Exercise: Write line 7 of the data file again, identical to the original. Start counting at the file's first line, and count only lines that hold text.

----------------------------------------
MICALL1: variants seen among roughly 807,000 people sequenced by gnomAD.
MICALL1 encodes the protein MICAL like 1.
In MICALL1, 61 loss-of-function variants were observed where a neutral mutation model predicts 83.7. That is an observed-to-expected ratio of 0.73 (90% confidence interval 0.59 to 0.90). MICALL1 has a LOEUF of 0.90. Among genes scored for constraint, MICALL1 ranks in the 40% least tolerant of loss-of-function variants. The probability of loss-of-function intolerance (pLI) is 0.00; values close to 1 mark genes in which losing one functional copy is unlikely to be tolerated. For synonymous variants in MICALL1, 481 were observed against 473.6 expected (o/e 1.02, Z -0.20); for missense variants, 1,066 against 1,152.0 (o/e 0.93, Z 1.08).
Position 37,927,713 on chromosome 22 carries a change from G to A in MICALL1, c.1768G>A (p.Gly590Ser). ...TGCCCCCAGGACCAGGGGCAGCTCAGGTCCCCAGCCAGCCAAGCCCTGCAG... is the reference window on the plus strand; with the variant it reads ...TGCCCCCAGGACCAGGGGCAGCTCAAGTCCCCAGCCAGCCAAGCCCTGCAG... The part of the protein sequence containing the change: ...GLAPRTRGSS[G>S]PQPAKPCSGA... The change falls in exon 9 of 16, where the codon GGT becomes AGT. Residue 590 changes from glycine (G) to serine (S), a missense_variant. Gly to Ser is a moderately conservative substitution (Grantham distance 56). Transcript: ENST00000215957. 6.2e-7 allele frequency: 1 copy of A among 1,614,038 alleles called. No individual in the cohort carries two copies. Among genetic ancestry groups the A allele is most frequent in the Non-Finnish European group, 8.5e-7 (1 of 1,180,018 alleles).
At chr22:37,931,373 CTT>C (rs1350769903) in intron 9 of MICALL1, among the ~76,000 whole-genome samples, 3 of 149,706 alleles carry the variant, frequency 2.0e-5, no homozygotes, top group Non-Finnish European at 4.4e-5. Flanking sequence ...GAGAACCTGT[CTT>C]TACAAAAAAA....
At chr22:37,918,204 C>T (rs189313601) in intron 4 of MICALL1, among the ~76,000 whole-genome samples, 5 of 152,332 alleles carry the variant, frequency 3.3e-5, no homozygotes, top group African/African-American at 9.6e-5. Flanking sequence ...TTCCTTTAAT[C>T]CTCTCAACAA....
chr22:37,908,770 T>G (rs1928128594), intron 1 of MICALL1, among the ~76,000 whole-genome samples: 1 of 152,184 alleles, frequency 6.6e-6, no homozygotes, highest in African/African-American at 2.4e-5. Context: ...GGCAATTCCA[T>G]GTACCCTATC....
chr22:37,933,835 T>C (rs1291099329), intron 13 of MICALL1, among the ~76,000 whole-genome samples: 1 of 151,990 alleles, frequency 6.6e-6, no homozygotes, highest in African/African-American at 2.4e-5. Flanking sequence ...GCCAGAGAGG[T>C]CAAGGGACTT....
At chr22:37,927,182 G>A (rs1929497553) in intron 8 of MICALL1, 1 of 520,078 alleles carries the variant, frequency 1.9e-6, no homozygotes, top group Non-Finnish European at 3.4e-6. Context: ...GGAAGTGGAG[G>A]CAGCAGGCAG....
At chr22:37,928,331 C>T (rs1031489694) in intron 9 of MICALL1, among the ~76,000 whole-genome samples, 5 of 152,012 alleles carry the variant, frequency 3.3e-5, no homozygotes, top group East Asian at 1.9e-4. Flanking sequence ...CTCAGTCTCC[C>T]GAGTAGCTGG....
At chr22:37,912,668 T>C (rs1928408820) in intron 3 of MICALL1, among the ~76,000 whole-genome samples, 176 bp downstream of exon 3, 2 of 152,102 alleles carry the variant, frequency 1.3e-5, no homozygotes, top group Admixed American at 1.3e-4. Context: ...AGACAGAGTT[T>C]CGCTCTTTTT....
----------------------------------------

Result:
chr22:37,908,770 T>G (rs1928128594), intron 1 of MICALL1, among the ~76,000 whole-genome samples: 1 of 152,184 alleles, frequency 6.6e-6, no homozygotes, highest in African/African-American at 2.4e-5. Context: ...GGCAATTCCA[T>G]GTACCCTATC....